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H.R. 6353 (110th): Ryan Haight Online Pharmacy Consumer Protection Act of 2008

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The summary below was written by the Congressional Research Service, which is a nonpartisan division of the Library of Congress, and was published on Oct 15, 2008.

Ryan Haight Online Pharmacy Consumer Protection Act of 2008 - Amends the Controlled Substances Act to prohibit the delivery, distribution, or dispensing of a controlled substance that is a prescription drug over the Internet without a valid prescription. Exempts telemedicine practitioners.

Defines "valid prescription" as a prescription that is issued for a legitimate medical purpose in the usual course of professional practice by a practitioner who has conducted at least one in-person medical evaluation of a patient.

Defines "online pharmacy" as a person, entity, or Internet site, whether in the United States or abroad, that knowingly or intentionally delivers, distributes, or dispenses a controlled substance by means of the Internet. Excludes from such definition: (1) manufacturers or distributors who do not dispense controlled substances to an unregistered individual or entity; (2) nonpharmacy practitioners; (3) certain hospitals or medical facilities operated by the federal government or by an Indian tribe or tribal organization; (4) mere advertisements that do not attempt to facilitate an actual transaction involving a controlled substance; and (5) other persons or entities the exclusion of which the Attorney General and the Secretary of Health and Human Services find to be consistent with effective controls against diversion and with the public health and safety.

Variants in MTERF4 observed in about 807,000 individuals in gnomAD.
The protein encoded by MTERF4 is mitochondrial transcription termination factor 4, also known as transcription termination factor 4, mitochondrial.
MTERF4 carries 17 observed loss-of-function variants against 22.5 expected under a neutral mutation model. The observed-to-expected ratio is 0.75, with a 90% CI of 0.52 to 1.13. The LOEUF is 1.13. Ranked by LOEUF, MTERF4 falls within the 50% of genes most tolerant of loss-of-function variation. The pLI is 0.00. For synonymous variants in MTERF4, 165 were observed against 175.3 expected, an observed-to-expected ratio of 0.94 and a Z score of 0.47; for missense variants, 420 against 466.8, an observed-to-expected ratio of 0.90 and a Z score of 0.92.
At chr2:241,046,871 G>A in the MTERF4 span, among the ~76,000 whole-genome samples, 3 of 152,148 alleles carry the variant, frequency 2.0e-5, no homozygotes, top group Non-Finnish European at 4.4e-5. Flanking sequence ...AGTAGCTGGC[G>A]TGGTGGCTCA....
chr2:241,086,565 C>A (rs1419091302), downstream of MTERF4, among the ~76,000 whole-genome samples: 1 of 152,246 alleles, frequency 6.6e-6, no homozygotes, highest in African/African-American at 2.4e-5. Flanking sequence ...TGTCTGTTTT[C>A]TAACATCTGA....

Imposes registration and reporting requirements on online pharmacies that dispense 100 or more prescriptions or 5,000 or more dosage units of all controlled substances combined in one month.

Requires an online pharmacy to: (1) display specified information on its Internet home page, including a statement that it complies with the requirements of this Act, its name, address, and telephone number, the qualifications of its pharmacist-in-charge, and a certification of its registration under this Act; (2) comply with state laws for the licensure of pharmacies in each state in which it operates or sells controlled substances; and (3) notify the Attorney General and applicable state boards of pharmacy 30 days prior to offering to sell, deliver, distribute, or dispense controlled substances over the Internet.

Authorizes the Attorney General to issue a special registration under this Act for telemedicine practitioners. Requires practitioners who issue a prescription for a controlled substance under the authorization to conduct telemedicine during a medical emergency to report to the Secretary of Veterans Affairs the authorization of that emergency prescription.

Increases criminal penalties involving controlled substances in Schedules III, IV, and V of the Controlled Substances Act.

Authorizes states to apply for injunctions or obtain damages and other civil remedies against online pharmacies that are deemed a threat to state residents.

Requires the Drug Enforcement Administration (DEA) to report to Congress not later than 180 days after the enactment of this Act and annually for two years after such initial report on: (1) the foreign supply chains and sources of controlled substances offered for sale without a valid prescription on the Internet; (2) DEA efforts and strategy to decrease such foreign supply chains; and (3) DEA efforts to work with domestic and multinational pharmaceutical companies and others in combating the sale of controlled substances over the Internet without a valid prescription.